The Utonagan dog was possibly bred with the Czechoslovakian Wolfdog, which formed the Tamaskan dog breed as its now known today. The Tamaskan breed was then exported to Finland where it was further developed.

They wanted to create a dog breed which was domestic, however, had a wild appearance with a strong work ethic. The first litter of the Tamaskan puppies was sent to the USA back in 2005, creating a breeding culture of the Tamaskan breed in the USA.

Size

3 Tamaskan Dogs with an owner

The Tamaskan breed is built athletically with large bodies as they’re designed to be working dogs. Now, they do range in size depending on whether the Tamaskan is female or male.

A female Tamaskan is slightly smaller than the males and ranges from 24-27 inches in height while weighing between 50-84 lbs. Now, the males are larger, reaching heights between 25-28 inches and weighing around 66-99 lbs.

Personality and Character

Tamaskan Dog lying in snow

The Tamaskan dog does very well in family settings and is known to be gentle around children and adaptable to homes with other dogs. They’re highly intelligent, which is what makes them exceptional working dogs. Aside from being companion dogs, they’re highly agile and obedient, with their skills even being used for sled racing.

They prefer to not be alone for long periods of time, and if left alone for too long, they will experience separation anxiety. Thus, owners need to provide an adequate amount of physical and mental stimulation on a daily basis.

See Also: Exciting Games to Play with Your Dog

They need a strong owner whom they’ll see as the pack leader. Once they see you as a pack leader, training is very easy as it’s in their nature to position themselves in a pack.

If you want to have a well-behaved Tamaskan dog in your family, the pack order must be clearly defined. That way, they understand where their position is in the group.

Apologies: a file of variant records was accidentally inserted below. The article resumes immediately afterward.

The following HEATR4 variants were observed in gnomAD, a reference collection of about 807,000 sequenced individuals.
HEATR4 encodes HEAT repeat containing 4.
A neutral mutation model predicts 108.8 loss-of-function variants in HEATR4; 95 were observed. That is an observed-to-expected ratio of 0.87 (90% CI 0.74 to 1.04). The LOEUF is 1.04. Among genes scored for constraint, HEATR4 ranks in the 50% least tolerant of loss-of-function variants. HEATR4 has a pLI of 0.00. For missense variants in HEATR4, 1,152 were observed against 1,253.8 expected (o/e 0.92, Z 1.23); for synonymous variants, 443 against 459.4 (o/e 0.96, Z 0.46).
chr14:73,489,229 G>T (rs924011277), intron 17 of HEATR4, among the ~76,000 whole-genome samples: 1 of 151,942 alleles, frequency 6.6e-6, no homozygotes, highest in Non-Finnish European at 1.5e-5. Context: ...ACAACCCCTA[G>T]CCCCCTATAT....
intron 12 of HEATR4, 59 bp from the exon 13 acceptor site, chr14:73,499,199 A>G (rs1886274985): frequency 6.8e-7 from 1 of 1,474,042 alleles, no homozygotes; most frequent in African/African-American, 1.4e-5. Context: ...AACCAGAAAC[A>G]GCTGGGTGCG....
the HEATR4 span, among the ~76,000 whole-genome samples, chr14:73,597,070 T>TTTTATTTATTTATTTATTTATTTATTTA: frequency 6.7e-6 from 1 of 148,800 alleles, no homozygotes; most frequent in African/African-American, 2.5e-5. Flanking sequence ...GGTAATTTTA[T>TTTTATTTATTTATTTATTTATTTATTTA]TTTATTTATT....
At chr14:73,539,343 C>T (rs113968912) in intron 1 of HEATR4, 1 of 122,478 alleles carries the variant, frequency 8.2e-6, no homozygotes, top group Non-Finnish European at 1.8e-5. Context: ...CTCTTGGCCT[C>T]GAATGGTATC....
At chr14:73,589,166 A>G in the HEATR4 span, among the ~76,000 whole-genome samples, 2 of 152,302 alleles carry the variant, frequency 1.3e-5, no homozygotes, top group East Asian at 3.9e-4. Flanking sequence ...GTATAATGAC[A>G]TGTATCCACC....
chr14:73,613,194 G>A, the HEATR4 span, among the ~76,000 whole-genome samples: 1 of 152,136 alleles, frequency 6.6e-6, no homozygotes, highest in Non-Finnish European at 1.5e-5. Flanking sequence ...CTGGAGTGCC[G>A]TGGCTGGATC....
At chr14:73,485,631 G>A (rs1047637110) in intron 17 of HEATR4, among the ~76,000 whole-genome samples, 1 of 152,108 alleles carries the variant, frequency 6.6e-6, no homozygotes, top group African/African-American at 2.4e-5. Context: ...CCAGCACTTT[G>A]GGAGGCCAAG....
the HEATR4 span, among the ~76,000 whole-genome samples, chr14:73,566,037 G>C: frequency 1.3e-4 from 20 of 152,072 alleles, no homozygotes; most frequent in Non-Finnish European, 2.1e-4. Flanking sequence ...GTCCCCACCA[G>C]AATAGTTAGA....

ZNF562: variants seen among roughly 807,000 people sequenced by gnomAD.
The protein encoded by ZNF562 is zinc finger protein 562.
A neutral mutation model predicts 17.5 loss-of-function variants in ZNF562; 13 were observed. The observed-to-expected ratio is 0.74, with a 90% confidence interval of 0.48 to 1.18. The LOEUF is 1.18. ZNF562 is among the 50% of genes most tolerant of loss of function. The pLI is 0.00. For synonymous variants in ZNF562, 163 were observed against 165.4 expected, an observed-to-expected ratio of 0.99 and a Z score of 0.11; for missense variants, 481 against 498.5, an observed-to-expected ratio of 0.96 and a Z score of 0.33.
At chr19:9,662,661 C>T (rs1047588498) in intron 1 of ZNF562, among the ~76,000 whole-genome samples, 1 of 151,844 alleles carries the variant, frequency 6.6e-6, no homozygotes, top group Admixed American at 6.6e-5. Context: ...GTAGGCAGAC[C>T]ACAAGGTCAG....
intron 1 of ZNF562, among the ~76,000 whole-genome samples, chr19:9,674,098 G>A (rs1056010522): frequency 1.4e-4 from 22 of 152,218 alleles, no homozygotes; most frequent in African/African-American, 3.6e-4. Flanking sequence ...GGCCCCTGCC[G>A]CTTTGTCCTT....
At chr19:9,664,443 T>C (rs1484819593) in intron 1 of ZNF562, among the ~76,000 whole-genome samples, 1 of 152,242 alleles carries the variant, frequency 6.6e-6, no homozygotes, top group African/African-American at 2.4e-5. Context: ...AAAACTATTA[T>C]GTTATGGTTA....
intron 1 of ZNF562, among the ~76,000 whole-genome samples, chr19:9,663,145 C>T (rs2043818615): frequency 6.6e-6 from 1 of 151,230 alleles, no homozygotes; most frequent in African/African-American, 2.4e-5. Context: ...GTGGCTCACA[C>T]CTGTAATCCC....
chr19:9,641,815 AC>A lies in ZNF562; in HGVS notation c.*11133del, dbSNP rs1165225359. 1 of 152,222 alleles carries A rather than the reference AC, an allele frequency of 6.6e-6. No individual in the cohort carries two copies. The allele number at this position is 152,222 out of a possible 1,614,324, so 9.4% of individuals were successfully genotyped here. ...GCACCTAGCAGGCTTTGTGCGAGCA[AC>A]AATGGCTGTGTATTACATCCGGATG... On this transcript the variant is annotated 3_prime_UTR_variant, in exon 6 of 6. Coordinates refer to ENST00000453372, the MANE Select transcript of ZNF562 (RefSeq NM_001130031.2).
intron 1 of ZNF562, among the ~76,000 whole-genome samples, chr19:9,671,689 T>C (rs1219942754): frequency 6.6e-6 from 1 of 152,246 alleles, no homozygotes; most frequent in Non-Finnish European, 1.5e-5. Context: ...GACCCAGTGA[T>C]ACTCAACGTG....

Health and Potential Problems

The Tamaskan dog has come a long way with their health. Originally, they had quite an issue with epilepsy. However, these specific lines are no longer allowed to breed. Thus, this health condition is carefully contained to avoid spreading it to future generations.

Naturally, there is no breed which is immune to all health conditions. Every breed has its problems, and every dog has their own health conditions as well. When going to a breeder, asking for health certification can help reduce the chances of your Tamaskan dog carrying a health condition such as:

  • Degenerative Myelopathy: There are several Tamaskan dogs which have been found to be carriers of Degenerative Myelopathy (DM). It typically occurs in older dogs and causes a loss of coordination in the hind limbs. The symptoms include wobbling when walking or dragging the feet.

  • Hip Dysplasia: This is common in larger breeds and occurs when the hip joint is abnormally shaped, causing the socket to be partially uncovered. What happens is that the joint dislocates, causing extreme pain. The symptoms of hip dysplasia include a decrease in activity, lameness, difficulty jumping, running, or climbing. This can be easily tested and screened in dogs. Thus, breeders should have a certificate proving a clean record of health.

Care Features

Tamaskan Dog with her puppy

The Tamaskan dog is a relatively easy dog to take care of. However, it may be a slight struggle to get to that level of obedience and understanding. They’re known to have a stubborn streak. Thus, it’s essential that you train your Tamaskan dog.

You’ll need a firm and consistent hand when training them, as they respond well to strong leadership. Once they respond to commands, they’ll have an understanding of their status in the pack, which is essential for a well-behaved dog.

In addition, make sure you socialize your Tamaskan dog with other breeds so that they get acquainted with other dogs.

Lastly, they’re a physical dog, which means that they need daily exercise for mental and physical stimulation. If possible, allow them off-leash in fenced areas so that they’re able to run around and exert energy.

See Also: DIY Dog Fence

Feeding Schedule

Tamaskan Dog with its tongue out